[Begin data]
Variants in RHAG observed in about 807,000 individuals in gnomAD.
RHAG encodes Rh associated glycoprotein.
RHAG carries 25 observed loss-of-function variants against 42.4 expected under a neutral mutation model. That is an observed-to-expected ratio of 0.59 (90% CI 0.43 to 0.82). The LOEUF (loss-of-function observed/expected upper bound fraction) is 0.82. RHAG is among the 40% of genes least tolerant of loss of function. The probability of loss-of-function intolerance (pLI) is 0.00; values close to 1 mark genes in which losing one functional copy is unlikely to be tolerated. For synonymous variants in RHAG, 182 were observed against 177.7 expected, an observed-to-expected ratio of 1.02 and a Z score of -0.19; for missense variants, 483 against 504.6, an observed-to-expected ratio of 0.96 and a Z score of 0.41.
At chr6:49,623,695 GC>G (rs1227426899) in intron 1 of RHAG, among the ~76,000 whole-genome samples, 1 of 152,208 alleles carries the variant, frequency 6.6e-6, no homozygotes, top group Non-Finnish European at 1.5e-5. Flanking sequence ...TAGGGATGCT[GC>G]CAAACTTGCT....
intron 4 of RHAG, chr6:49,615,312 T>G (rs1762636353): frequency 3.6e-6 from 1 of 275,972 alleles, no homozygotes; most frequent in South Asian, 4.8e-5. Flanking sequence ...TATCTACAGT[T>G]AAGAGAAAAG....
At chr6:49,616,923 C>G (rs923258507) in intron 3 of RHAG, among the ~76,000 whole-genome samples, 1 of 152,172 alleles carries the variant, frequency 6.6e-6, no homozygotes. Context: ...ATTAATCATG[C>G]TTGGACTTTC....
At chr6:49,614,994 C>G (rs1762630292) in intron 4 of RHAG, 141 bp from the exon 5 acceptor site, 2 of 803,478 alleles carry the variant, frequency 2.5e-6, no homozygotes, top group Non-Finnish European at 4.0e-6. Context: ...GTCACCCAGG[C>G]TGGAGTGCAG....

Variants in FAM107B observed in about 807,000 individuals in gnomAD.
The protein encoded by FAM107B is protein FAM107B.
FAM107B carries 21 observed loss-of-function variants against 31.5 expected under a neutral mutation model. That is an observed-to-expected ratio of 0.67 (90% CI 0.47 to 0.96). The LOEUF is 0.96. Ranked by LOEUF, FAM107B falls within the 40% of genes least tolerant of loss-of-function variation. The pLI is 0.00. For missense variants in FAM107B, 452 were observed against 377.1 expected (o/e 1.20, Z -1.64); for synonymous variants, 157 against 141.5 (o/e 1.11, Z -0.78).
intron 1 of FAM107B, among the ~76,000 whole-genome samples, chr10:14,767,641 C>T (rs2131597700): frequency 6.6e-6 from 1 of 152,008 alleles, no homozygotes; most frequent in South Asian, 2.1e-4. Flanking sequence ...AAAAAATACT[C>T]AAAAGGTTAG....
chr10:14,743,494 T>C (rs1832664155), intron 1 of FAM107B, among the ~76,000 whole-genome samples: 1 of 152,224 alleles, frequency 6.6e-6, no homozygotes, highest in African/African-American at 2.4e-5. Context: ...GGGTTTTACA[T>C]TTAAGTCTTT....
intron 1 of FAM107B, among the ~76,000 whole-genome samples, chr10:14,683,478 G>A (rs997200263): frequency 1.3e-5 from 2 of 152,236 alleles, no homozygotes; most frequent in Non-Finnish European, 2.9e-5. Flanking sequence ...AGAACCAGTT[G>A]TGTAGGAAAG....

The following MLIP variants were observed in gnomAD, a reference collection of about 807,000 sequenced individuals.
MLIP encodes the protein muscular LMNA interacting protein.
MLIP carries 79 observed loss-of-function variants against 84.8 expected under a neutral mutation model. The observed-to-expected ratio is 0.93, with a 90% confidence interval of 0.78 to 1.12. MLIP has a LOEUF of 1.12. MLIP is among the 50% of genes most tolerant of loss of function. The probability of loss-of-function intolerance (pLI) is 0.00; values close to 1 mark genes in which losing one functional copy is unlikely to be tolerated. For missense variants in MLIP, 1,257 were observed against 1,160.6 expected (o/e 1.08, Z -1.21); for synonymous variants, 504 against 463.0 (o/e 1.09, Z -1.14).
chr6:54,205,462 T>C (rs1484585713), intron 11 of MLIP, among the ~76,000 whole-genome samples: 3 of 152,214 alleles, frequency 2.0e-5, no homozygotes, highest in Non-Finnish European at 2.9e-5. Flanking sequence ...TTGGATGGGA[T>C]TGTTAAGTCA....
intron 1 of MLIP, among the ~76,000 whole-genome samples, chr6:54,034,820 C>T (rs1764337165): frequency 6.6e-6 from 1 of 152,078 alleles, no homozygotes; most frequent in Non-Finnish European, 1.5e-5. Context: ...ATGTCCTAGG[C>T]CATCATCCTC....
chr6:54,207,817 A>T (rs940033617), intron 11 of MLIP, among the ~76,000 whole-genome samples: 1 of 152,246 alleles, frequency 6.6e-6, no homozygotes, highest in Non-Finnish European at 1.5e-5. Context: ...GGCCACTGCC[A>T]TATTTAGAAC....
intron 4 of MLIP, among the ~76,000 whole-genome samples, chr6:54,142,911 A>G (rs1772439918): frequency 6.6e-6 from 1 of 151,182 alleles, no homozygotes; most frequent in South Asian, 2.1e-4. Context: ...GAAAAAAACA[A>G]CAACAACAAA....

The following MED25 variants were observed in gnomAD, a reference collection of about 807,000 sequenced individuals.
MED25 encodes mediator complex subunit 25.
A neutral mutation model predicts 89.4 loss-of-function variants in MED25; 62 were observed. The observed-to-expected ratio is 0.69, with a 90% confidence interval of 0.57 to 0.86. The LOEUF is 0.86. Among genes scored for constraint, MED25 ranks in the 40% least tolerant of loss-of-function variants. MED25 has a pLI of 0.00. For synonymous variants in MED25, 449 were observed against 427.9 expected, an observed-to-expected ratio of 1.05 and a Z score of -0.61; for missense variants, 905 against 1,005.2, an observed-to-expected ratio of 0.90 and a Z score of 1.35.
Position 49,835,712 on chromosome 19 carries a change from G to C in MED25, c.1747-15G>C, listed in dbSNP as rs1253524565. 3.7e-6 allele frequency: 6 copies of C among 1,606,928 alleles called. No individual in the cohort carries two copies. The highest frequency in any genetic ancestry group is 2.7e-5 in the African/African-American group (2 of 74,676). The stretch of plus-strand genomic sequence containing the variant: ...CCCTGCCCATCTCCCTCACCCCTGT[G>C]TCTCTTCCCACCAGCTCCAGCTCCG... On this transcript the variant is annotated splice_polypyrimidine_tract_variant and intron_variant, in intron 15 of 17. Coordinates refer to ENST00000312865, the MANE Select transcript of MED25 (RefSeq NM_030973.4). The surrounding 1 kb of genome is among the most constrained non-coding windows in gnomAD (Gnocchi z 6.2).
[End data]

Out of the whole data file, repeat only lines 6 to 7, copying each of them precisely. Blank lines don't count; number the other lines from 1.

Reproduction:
At chr6:49,616,923 C>G (rs923258507) in intron 3 of RHAG, among the ~76,000 whole-genome samples, 1 of 152,172 alleles carries the variant, frequency 6.6e-6, no homozygotes. Context: ...ATTAATCATG[C>G]TTGGACTTTC....
At chr6:49,614,994 C>G (rs1762630292) in intron 4 of RHAG, 141 bp from the exon 5 acceptor site, 2 of 803,478 alleles carry the variant, frequency 2.5e-6, no homozygotes, top group Non-Finnish European at 4.0e-6. Context: ...GTCACCCAGG[C>G]TGGAGTGCAG....